A Bangladeshi writer was blocked from speaking at a Tower Hamlets library after threats of “disorder and violence” from an alliance of Sylheti “community leaders” and Christian fundamentalists.
Eighty-one year old Abdul Gaffar Choudhury, a journalist, poet, and freeman of Tower Hamlets, was booked to speak on a panel at Whitechapel Idea Store alongside Mayor John Biggs and others on Sunday for International Mother Language Day.
But the panel event was cancelled at the last minute after the council received a letter from the Greater Sylhet Council UK and Voice for Justice UK warning of “public disorder, protest and violence” if Mr Choudhury was allowed to speak.
The letter, signed by Nurul Islam Mahbub, chair of the Greater Sylhet Council UK, which purports to represent Bangladeshis from the city of Sylhet, and Kalam Choudhury, of the Biblical literalist group Voice for Justice UK, claimed Mr Choudhury made “defamatory remarks about our Sylheti Bangladeshi community, the founder of Channel S and other community leaders on live TV”.
It also accused him of making “anti-religion remarks”, adding: “Our community are so upset and furious against him. If you allow him to come at the Idea Store, there will be a public disorder, protest and could violence. [sic]
“So our humble request to you please do not allow him to come at the Idea Store.”
Mr Choudhury has defended his remarks, saying they have been misinterpreted.
However, politicians in Bangladesh have made hay with them, with the Jamaat-e-Islami saying it is the “duty of every Muslim” to “raise their voice” against him, and the more extreme Hefazat-e-Islam calling for his death.
A separate event at the Brady Arts Centre on Saturday where Mr Choudhury was booked to speak was also called off after the council denied permission to use the public building.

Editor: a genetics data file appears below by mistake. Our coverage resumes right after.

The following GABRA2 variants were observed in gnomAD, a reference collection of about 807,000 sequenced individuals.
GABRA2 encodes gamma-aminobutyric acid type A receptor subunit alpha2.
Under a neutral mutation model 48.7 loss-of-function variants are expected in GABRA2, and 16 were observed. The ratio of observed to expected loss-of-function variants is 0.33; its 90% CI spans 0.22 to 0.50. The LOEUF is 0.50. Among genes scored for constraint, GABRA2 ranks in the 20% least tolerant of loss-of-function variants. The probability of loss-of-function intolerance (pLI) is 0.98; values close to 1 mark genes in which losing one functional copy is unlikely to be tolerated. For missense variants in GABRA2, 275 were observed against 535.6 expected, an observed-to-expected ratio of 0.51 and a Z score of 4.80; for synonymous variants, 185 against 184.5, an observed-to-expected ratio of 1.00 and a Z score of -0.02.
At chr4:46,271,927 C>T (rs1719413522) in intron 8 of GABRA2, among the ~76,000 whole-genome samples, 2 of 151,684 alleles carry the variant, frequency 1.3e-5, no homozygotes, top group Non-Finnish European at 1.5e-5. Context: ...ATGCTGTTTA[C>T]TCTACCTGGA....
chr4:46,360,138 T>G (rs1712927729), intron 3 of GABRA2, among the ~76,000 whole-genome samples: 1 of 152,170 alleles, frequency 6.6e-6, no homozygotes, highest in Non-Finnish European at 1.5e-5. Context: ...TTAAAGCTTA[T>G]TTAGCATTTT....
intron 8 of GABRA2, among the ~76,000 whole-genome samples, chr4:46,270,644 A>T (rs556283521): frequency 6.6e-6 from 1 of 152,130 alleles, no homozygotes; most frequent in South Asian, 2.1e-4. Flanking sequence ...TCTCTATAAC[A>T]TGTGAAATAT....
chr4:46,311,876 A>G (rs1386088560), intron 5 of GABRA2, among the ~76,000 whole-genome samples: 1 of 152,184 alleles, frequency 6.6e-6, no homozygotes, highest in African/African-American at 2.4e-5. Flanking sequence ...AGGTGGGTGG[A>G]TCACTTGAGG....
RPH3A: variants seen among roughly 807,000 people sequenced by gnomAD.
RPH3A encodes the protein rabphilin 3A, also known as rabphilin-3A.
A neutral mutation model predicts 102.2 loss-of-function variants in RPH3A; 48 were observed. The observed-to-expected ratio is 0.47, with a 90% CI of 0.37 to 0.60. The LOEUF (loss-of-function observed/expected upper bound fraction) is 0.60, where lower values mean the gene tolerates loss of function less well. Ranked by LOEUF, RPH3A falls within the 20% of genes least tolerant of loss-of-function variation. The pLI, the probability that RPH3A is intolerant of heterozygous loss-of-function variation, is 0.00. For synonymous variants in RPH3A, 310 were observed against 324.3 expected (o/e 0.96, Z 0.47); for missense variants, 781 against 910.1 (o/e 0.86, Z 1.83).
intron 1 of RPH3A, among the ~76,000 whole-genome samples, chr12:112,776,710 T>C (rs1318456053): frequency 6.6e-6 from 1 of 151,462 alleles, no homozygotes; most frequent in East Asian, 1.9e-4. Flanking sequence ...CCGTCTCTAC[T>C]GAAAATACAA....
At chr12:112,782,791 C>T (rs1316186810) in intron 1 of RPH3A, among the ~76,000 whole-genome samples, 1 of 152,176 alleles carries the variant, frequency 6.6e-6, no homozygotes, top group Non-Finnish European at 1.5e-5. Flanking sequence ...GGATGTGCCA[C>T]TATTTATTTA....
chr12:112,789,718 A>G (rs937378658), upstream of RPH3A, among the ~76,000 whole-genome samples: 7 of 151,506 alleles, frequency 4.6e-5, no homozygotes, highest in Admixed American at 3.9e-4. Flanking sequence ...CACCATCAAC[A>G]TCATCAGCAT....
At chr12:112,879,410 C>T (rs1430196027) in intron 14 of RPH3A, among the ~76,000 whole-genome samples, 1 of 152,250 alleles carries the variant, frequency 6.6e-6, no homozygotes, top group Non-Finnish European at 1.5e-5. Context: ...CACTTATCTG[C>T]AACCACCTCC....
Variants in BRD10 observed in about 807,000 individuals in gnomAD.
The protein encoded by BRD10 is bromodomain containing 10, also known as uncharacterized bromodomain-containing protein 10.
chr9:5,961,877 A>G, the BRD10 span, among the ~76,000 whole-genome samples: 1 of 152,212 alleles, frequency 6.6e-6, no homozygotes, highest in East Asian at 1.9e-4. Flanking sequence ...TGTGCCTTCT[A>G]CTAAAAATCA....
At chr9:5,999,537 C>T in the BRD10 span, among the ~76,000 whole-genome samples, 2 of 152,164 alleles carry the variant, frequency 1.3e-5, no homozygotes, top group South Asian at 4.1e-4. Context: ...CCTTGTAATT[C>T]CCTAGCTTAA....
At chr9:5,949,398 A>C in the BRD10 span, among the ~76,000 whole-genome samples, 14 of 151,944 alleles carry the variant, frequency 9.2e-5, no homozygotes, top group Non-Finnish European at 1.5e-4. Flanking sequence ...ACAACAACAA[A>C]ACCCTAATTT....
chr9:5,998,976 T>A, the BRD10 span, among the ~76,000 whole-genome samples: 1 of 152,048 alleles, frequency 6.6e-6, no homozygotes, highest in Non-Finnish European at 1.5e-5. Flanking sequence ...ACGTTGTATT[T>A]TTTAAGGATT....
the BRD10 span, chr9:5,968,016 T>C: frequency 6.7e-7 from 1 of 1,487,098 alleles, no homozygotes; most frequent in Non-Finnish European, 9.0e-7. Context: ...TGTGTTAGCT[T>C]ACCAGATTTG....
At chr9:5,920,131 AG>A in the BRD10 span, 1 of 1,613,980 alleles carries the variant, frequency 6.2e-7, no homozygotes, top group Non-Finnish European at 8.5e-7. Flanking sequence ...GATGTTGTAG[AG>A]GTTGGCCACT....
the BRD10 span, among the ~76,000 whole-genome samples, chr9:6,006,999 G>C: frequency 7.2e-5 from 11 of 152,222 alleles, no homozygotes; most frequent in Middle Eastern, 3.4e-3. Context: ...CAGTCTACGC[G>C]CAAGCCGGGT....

Writing to the organisers, council chief executive Will Tuckley said the decision was taken in line with the council’s terms of hire, which “as a general rule” don’t allow public buildings to be used for “controversial or sensitive” events.
He added: “In making its decision, the council does not make a judgement on any individual. The decision was informed by an assessment of risk that the proposed event, taking place in a council building, may have become controversial or impacted on community cohesion.”
Nurul Islam Mahbub, chair of the Greater Sylhet Council UK, told the Citizen he wrote the letter to “keep peace and harmony” in the borough.
He claimed his group has 3,000 members, mostly outside Tower Hamlets, and wrote the letter with the Christian Voices for Justice group as two representatives of a broad “federation of community organisations”.
He told the Citizen: “The community is very angry about what he said. We don’t want violence. We want peace and harmony.
“We’re not going to make people go and make hassle to nobody. [But] he should not say bad things about the community.”
He added: “Nobody has the right to harm his life but he doesn’t have the right to harm the community.”
Mr Mahbub, who does not live in Tower Hamlets, said Mr Choudhury’s remarks had criticised former mayor Lutfur Rahman, who is also Sylheti.
“He said something [about Mr Rahman]. He said he made all Tower Hamlets the Islamic State. We’re concerned to the way he make with the present climate to make everybody a criminal. [sic]”
Mr Rahman was thrown out of office in April after being found guilty of corrupt and illegal practices, including the “spiritual influence” of 100 imams telling Muslims it was their duty to vote for him.
Asked about freedom of speech, Mr Mahbub said: “I don’t have the right to criticise anyone’s religion.
“If you are trying to upset people, you are looking for trouble.
“If you are intentionally trying to upset people, that’s a crime, that’s not freedom of speech.”
Asked if he would be happy if complaints and threats were used to stop himself from speaking in public, he replied: “If I’ve done something wrong then I shouldn’t be unhappy.”
A spokesperson for Tower Hamlets Council said: “After very careful consideration, we decided that the event with poet and journalist Abdul Gaffar Choudhury at the Idea Store, Whitechapel, would not go ahead this weekend.
“The decision is no reflection at all on Mr Choudhury, and has been taken in line with established guidance on events that may be sensitive or provoke community tensions.”
When asked whether the council was allowing or imposing censorship, the spokesperson said: “On the issue of censorship, these decisions are taken carefully on a case by case basis on the available evidence and possible options.”
The council declined to say whether it was confident it could maintain public order in the borough or whether Mr Choudhury would be free to speak at future events in public buildings.
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